enables clustering of trajectories by existing (fuzzy or not) clustering
algorithms
D
UnTra
: A distance metric of uncertain trajectories
Cen

Tra
: The centroid of a bunch of trajectories
using density and local similarity properties
TR

I

FCM
: A novel modification of FCM algorithm for clustering
complex trajectory datasets
exploiting on D
UnTra
and Cen

Tra.
Our contribution
Pelekis et al. "Clustering Trajectories of Moving Objects in an Uncertain World"
16
From Fuzzy sets to Intuitionistic fuzzy sets
Definition 1
(Zadeh, 1965).
Let a set
E
be fixed. A fuzzy set on
E
is
an object of the form
Definition 2
(Atanassov, 1986; Atanassov, 1994). An intuitionistic
fuzzy set (IFS)
A
is an object of the form
,( )
A
A x x x E
=
:[0,1]
A
E
where
,( ),( )
A A
A x x x x E
=
:[0,1]
A
E
:[0,1]
A
E
and
where
Pelekis et al. "Clustering Trajectories of Moving Objects in an Uncertain World"
17
Hesitancy
For every element
The hesitancy of the element
x
to the set
A
is
E
x
0 ( ) 1
A
x
0 ( ) 1
A
x
0 ( ) ( ) 1
A A
x x
( ) 1 ( ) ( )
A A A
x x x
=
Pelekis et al. "Clustering Trajectories of Moving Objects in an Uncertain World"
18
Vector representation of trajectories
Assume a
regular grid
G
(
m
n
)
consisting of cells
c
k,l
, a trajectory
and a target dimension
p
<<
n
i
,
The “
approximate trajectory
”
consists of
p
regions (i.e. sets of cells)
crossed by
T
i
during period
p
j
The “
Uncertain Trajectory
” is the
ε

buffer of
i i i
i i,0 i,0 i,0 i,n i,n i,n
T = <(x, y, t ), ..., (x, y, t )>
i i,1 i,p
T = <r, ..., r >
1
,
ls j
ls j
j
p p
p
=
i i,1 i,p
UnTra(T) = <ur, ..., ur >
Pelekis et al. "Clustering Trajectories of Moving Objects in an Uncertain World"
19
Intuitionistic Uncertain
Trajectories
membership
= inside cell with 100% probability (i.e. thick portions)
non

membership
= outside cell with 100% probability (i.e. dotted portions)
hesitancy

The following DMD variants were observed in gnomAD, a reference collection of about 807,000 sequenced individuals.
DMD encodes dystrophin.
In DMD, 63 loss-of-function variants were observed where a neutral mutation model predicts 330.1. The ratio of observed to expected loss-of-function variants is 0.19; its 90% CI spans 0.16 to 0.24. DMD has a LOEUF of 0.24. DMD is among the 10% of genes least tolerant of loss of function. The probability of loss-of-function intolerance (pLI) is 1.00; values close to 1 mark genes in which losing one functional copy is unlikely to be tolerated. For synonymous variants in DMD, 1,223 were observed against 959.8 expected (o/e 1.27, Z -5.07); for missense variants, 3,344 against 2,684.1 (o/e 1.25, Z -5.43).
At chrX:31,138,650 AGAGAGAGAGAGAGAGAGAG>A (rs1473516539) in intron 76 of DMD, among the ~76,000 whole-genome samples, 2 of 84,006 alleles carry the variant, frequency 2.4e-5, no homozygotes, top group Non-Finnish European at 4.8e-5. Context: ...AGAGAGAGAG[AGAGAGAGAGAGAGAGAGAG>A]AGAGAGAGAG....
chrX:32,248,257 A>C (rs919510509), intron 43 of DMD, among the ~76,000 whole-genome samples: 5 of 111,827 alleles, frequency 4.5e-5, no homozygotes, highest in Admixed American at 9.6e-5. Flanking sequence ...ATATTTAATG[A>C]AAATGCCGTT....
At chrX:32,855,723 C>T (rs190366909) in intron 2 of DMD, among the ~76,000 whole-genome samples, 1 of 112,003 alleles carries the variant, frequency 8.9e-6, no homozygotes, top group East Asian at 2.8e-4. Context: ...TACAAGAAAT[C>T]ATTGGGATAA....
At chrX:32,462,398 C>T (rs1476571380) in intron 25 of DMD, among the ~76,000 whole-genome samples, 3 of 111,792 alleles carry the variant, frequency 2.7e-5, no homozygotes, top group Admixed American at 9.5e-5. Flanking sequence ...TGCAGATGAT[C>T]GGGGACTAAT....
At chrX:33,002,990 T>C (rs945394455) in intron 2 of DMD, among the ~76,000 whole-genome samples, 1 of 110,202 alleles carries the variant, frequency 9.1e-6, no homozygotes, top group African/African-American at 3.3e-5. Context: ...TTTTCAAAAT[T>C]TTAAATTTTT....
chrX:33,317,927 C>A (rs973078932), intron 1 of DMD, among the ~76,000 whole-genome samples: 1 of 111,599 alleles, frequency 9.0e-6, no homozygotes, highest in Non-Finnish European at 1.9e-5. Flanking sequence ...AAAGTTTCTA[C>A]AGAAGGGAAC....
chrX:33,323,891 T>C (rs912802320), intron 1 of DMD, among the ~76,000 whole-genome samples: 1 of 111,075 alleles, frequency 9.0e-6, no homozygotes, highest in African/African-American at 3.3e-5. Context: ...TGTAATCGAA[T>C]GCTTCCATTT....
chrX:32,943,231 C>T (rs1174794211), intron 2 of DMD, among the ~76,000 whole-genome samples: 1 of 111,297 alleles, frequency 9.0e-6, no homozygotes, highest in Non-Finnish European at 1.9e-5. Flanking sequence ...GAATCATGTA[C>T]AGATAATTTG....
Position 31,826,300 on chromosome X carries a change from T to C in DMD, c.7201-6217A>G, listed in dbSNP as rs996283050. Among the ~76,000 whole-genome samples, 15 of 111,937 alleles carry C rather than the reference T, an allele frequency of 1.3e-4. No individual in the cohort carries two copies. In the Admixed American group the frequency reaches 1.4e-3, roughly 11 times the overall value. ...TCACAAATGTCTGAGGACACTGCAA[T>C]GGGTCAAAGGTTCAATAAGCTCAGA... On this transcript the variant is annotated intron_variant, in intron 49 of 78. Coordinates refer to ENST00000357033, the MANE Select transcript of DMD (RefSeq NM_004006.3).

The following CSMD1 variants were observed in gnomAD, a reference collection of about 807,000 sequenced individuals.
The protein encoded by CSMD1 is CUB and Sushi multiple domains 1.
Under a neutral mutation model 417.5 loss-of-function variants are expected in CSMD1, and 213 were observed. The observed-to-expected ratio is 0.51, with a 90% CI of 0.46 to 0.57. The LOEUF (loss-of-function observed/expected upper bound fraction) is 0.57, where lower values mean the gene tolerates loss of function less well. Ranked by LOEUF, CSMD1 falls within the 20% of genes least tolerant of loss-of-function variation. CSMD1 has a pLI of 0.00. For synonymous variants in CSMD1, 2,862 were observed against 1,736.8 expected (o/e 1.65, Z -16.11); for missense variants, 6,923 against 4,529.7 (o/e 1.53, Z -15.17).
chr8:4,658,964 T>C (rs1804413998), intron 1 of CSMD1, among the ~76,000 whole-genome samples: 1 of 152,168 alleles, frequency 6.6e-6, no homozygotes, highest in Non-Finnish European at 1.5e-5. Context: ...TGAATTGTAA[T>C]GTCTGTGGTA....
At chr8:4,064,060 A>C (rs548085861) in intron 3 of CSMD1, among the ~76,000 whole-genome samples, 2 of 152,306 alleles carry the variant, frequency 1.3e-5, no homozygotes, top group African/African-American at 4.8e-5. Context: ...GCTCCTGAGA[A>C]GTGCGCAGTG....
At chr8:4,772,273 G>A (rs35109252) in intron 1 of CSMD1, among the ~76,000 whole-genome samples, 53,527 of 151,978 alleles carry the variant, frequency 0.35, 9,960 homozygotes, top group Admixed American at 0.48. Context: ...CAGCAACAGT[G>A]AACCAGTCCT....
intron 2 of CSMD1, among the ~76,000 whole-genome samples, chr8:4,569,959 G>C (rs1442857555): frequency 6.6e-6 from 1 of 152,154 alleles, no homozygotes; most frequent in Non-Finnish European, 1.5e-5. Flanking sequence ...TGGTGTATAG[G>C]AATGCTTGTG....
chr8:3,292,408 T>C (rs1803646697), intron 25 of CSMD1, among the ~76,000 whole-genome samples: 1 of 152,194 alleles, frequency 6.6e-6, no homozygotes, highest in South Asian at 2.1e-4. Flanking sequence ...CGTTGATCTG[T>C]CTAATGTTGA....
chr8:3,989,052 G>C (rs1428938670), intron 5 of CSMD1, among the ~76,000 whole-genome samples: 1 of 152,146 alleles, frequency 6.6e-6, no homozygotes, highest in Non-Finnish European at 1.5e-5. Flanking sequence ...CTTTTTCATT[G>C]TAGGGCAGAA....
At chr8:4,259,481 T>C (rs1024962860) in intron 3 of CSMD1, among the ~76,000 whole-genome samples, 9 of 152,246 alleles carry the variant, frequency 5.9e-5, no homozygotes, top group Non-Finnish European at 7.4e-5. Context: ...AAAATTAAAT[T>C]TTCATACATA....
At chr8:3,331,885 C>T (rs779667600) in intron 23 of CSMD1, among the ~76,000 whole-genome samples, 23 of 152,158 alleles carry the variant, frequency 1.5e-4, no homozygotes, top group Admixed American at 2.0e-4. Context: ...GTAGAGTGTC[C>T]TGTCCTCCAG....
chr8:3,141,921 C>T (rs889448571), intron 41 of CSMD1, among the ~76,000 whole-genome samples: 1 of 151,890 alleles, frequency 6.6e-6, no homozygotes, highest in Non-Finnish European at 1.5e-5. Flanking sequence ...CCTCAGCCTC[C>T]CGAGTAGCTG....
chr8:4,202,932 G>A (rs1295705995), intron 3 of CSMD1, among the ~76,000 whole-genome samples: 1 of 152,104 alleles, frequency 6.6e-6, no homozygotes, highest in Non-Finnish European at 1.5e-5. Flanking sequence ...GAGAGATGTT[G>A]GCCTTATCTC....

= ignorance
whether inside or outside the cell
(i.e. solid thin portions)
A cell
c
k.l
c
k.l
ε
Pelekis et al. "Clustering Trajectories of Moving Objects in an Uncertain World"
20
Intuitionistic Uncertain
Trajectories
i i,1 A i,1 A i,1 i,p A i,p A i,p
IUnTra(T) = <(ur,(ur ),(ur )) ..., (ur,(u
r ),(ur ))>
,,
( )
A i j i j i
ur r UnTra T
=
,
,
( )
i i j
A i j
i
UnTra T ur
ur
UnTra T
=
( )
j j
j
i i
A i
i
ur r
ur
UnTra T
=
Pelekis et al. "Clustering Trajectories of Moving Objects in an Uncertain World"
21
Proposed similarity metric (1/2)
The distance between two
I

UnTra
A
and
B
is:
where
and
(,) (,) (,) 2
UnTra
total UnTra IFS
IFS
D A B A B D A B D A B
= =
,1,1
,1
,1
,min
,,
,,
,
UnTra i j
UnTra i j i j
ext
UnTra i j i
ext
UnTra i j j
ext
D UnTra T UnTra T
D Rst UnTra T Rst UnTra T ur ur
D Rst UnTra T UnTra T ur gap
D UnTra T Rst UnTra T ur gap
=
2
1
1
2
2
x i x j
x i j
i j
ext
y i y j
y i j
ext mbr ur ext mbr ur
ext mbr ur ur
ur ur
ext mbr ur ext mbr ur
ext mbr ur ur
=
x i
ext mbr ur
y i
ext mbr ur
y i j
ext mbr ur ur
x i j
ext mbr ur ur
Pelekis et al. "Clustering Trajectories of Moving Objects in an Uncertain World"
22
Proposed similarity metric (2/2)
Assuming
two intuitionistic fuzzy sets on it,
A
=
(
M
A
,
Γ
A
,
Π
A
)
and
B
=
(
M
B
,
Γ
B
,
Π
Β
), with the same cardinality
n
, the similarity measure
Z
between
A
and
B
is given by the following equation:
where
z
(
A’
,
B
’) for fuzzy sets
A'
and
B'
(e.g. for
M
A
,
M
B
) is defined as:
and similarly for
Γ
A
,
Γ
B
and
Π
A
,
Π
B
.
1
3
,,,,
A B A B A B
Z A B z M M z z
=
''
1
''
1
min,
, ''
','
max,
1,
''
n
A i B i
i
n
A i B i
i
x x
A B
z A B
x x
A B
=
=
=
=
Pelekis et al. "Clustering Trajectories of Moving Objects in an Uncertain World"
23
An example
A
={
x
, 0.4, 0.2},
B
={
x
, 0.5, 0.3},
C
={
x
, 0.5, 0.2}
C
is more similar to
A
than B
,,( )
A B C IFSs E
0.4 0.2 0.2
0.5 0.3 0.4
(,) 0.65
3
Z A B
= =
0.4 0.2 0.3
0.5 0.2 0.4
(,) 0.85
3
Z A C
= =
Pelekis et al. "Clustering Trajectories of Moving Objects in an Uncertain World"
24
The
Cen
troid
Tra
jectory
The idea (similarity

density

based approach):
adopt some local similarity function to identify common sub

trajectories
(concurrent existence in space

time),
follow a
region growing
approach
according to density
Pelekis et al. "Clustering Trajectories of Moving Objects in an Uncertain World"
25
T1
T2
T3
Algorithm CenTra: An example